Tea planting affects soil acidification and nitrogen and phosphorus distribution in soil

Tea planting affects soil acidification and nitrogen and phosphorus distribution in soil •The soil acidification and nutrient concentrations of tea gardens and forests were measured.•Severe soil acidification at a depth of 200cm was caused by tea cultivation.•A high risk of nitrogen and phosphorus leaching losses exists in tea gardens. http://www.deepdyve.com/assets/images/DeepDyve-Logo-lg.png Agriculture, Ecosystems & Environment Elsevier

Tea planting affects soil acidification and nitrogen and phosphorus distribution in soil

Tea planting affects soil acidification and nitrogen and phosphorus distribution in soil

Agriculture, Ecosystems and Environment 254 (2018) 20–25 Contents lists available at ScienceDirect Agriculture, Ecosystems and Environment journal homepage: www.elsevier.com/locate/agee Short communication Tea planting affects soil acidification and nitrogen and phosphorus distribution in soil Peng Yan, Chen Shen, Lichao Fan, Xin Li, Liping Zhang, Lan Zhang, Wenyan Han Key Laboratory of Tea Quality and Safety Control, Ministry of Agriculture, Tea Research Institute, Chinese Academy of Agricultural Sciences, Hangzhou, China ARTICLE I NFO ABSTRACT Keywords: Land use change from natural forest to agricultural land often affects the properties of soil, resulting in various Tea garden environmental problems. A field study was conducted to evaluate the effects of land use change from forest to tea Soil acidification cultivation on soil acidification as well as the nitrogen (N) and phosphorus (P) leaching risk. The soil acid- N and P leaching risk ification and nutrient concentrations in soil at a depth of 0–200 cm in two tea gardens with differing stand ages (10 and 100 years old), and three different fertilizer input levels (low-input, medium-input, and high-input), and in the forests adjacent to these tea gardens were measured at the Tea Research Institute of the Chinese Academy of Agricultural Sciences. Tea cultivation caused soil acidification throughout the 0–200 cm soil profile, and the − + lowest soil pH was observed in the 20–40 or 40–60 cm soil depth. Both nitrate (NO ) and ammonia (NH ) 3 4 concentrations increased as the tea stand age and fertilizer input levels increased at the 0–90 cm soil depth. − + Compared to the forests, significantly higher concentrations of NO and NH were observed in the 90–200 cm 3 4 soil of the tea gardens, suggestive of a high risk of N leaching loss in the tea gardens. Longer tea cultivation times and higher input levels also increased the concentration of soil...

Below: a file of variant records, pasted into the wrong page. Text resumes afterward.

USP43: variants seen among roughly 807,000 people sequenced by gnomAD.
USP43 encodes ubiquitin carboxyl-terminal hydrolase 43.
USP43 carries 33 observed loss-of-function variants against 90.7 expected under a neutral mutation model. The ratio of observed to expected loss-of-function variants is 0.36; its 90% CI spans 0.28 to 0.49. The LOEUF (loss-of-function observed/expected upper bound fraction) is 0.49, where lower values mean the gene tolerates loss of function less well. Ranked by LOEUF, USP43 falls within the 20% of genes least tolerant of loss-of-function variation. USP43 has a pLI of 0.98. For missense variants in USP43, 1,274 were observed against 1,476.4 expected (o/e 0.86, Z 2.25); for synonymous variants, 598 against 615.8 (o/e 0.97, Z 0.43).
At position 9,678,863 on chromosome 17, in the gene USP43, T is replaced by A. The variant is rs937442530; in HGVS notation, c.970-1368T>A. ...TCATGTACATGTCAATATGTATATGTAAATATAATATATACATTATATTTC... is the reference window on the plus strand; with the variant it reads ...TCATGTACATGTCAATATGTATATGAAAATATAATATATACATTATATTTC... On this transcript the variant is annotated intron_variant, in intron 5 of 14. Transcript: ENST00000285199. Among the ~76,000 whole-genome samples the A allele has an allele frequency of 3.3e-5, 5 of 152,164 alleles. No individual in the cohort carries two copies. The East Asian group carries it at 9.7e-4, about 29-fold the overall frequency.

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Publisher
Elsevier
Copyright
Copyright © 2017 Elsevier Ltd
ISSN
0167-8809
D.O.I.
10.1016/j.agee.2017.11.015
Publisher site
See Article on Publisher Site

Abstract

•The soil acidification and nutrient concentrations of tea gardens and forests were measured.•Severe soil acidification at a depth of 200cm was caused by tea cultivation.•A high risk of nitrogen and phosphorus leaching losses exists in tea gardens.

Journal

Agriculture, Ecosystems & EnvironmentElsevier

Published: Feb 15, 2018

References

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